Southern Europe’s cash-strapped governments are wooing wealthy home buyers from overseas by offering so-called golden visas to purchasers of high-end properties. Portugal, Greece, and Cyprus are offering temporary-residency permits to foreign investors, and Spain is about to kick off its program. The main targets are wealthy Chinese, who have been snapping up properties from Vancouver to London as Beijing tightens controls on real estate speculation on the mainland. Luis Hortelão, a broker with Re/Max in Lisbon, says his Chinese clients “know exactly what they want: a modern property to rent out during their absence and a visa to travel in Europe.”
In Portugal buyers must pay a minimum of €500,000 ($670,000) for a property to be eligible for a five-year residency permit. A total of 102 visas has been granted since the program began last year, according to the Portuguese Immigration and Borders Service, mostly to Chinese buyers. Edmund Zhao, a real estate developer from Hangzhou in eastern China, expects to receive his permit any day now after paying €700,000 for an apartment in the resort town of Cascais. Zhao must spend at least seven days in Portugal during the first year and 14 days every two years thereafter. His visa will also let him travel freely through the Schengen Area, made up of 26 European countries that have abolished immigration controls at their borders. “I want to move there with my wife and parents as soon as possible,” says Zhao, 38, who wants to send his future children to European schools.
Searches for Portuguese properties on Juwai.com, a Chinese real estate website aimed at international home buyers, rose more than threefold from January through April, says Andrew Taylor, its co-chief executive officer. Home prices in Portugal are less expensive than in some parts of China; €300,000 buys a 2,000-square-foot villa facing the sea, according to Wang Ning, a manager in the international property department at SouFun Holdings, owner of China’s biggest real estate website. That amount buys a 730-square-foot apartment in central Shanghai.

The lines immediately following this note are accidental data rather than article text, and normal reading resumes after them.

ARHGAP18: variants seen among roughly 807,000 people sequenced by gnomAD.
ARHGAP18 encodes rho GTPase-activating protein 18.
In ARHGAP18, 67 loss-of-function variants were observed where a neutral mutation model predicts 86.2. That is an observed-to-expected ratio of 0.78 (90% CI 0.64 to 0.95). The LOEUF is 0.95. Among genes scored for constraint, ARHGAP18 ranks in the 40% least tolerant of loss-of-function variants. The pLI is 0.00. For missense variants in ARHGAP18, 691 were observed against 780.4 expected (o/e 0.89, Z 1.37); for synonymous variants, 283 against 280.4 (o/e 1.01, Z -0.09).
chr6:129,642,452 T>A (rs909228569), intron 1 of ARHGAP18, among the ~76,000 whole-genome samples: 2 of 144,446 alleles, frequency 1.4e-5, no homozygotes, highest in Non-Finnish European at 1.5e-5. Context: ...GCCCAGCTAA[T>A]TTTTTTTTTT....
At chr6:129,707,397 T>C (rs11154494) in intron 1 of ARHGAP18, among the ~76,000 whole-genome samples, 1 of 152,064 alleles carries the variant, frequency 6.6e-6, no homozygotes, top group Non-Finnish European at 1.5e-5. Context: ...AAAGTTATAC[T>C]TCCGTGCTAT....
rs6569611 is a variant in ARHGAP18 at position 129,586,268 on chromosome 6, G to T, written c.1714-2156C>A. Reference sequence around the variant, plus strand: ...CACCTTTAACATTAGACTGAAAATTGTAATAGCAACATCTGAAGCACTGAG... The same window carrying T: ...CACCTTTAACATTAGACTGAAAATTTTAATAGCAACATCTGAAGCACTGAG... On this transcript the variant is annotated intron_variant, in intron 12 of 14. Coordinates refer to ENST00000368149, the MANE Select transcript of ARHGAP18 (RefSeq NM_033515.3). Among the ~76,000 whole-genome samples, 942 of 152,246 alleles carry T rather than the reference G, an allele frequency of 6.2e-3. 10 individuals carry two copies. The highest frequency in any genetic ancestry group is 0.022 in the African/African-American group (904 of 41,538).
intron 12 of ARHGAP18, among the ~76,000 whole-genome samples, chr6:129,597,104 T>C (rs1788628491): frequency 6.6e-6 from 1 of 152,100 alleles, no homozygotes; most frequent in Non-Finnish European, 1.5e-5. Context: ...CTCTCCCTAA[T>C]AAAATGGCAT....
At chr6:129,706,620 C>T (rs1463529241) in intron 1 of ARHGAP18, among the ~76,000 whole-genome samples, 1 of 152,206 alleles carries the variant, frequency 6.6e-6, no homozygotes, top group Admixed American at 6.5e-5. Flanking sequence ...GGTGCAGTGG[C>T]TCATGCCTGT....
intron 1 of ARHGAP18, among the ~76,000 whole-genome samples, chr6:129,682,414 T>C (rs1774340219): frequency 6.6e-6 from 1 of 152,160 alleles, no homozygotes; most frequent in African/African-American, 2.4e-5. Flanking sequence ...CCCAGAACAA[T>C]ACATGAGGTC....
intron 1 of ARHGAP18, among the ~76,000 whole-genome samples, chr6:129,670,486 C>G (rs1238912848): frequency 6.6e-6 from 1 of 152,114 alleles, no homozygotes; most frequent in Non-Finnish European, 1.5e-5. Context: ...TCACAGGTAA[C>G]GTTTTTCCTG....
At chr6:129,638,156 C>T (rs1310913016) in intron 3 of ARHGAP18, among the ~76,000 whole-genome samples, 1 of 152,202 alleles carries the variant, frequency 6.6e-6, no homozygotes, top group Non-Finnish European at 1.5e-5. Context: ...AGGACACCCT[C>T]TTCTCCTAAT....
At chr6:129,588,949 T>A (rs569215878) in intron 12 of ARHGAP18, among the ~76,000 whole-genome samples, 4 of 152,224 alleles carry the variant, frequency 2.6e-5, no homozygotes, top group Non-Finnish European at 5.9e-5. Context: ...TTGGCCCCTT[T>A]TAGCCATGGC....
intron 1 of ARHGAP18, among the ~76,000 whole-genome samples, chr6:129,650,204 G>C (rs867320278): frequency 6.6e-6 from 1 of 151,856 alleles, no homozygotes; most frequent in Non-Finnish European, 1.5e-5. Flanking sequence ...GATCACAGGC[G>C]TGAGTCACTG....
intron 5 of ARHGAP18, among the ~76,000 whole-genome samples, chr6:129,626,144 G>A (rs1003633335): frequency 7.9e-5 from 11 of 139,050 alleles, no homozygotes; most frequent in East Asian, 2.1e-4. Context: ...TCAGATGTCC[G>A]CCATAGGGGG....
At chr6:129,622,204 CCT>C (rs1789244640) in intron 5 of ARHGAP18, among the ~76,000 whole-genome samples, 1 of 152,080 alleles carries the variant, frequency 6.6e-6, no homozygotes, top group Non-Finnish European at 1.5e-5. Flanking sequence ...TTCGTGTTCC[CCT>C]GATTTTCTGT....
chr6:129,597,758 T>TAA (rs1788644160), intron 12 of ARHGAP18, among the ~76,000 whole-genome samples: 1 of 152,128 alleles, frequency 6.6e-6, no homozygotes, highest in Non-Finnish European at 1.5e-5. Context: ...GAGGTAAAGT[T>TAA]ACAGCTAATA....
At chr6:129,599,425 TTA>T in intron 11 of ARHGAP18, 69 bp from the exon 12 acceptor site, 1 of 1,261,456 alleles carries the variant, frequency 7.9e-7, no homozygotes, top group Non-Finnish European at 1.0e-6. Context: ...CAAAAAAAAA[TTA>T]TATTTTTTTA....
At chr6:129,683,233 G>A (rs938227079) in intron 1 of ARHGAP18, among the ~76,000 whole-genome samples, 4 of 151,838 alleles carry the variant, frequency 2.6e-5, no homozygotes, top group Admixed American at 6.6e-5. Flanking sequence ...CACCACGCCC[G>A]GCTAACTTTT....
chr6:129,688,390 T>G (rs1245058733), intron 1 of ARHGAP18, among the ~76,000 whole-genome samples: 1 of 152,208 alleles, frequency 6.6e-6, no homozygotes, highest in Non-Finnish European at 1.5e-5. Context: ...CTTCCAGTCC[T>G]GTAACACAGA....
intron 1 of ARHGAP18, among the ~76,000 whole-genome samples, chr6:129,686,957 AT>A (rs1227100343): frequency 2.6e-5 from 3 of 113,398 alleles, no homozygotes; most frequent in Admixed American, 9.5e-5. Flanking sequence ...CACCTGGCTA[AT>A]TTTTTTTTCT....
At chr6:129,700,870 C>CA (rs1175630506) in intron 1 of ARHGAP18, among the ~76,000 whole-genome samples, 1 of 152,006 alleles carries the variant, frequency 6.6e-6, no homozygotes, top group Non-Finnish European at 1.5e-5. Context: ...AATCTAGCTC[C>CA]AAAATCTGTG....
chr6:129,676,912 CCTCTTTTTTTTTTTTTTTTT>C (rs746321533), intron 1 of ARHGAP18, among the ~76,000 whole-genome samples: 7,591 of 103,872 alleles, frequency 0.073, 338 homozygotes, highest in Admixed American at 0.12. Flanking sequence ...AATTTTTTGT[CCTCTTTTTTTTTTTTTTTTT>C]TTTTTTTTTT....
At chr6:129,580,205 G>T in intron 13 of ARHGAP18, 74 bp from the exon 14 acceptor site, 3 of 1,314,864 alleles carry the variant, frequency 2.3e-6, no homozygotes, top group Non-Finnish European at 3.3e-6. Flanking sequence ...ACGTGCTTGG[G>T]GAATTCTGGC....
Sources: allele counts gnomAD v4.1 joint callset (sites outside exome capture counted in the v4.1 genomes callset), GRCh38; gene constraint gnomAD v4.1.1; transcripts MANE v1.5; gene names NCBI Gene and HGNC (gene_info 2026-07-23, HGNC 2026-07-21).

In Spain, where a decade-long property boom has collapsed and sent home prices down about 30 percent, lawmakers are set to pass a measure that will let foreign investors apply for renewable two-year residence permits if they pay at least €500,000 for a property. Pia Arrieta Morales, a director at Christie’s International affiliate DM Properties in the resort town of Marbella, says brokers in Spain received a flood of inquiries when the plan was announced last year.
Cyprus is already “booming with Chinese investors,” says Nikolas Michalias, a local real estate appraiser at G&P Lazarou who spends half the year in China promoting golden visas tied to real estate investments. “Every day there are more than 20 Chinese nationals landing in Cyprus to search for property.”
Greece, which introduced its golden visa in April, has seen a much more muted response, even though Prime Minister Antonis Samaras personally pitched the program during a state visit to China this spring. The first five-year residency permit was awarded last month to a Chinese man, the Greek newspaper Kathimerini reported on Aug. 13. “The visa legislation in Greece is still very recent and has so far had very little impact on the real estate market,” says Ioanna Plakokefalou, general manager at Hellenic Realty in Athens. She says that while her agency has fielded some inquiries from Chinese as well as Russian investors, turning leads into sales “will depend on the political and economic situation” in Greece.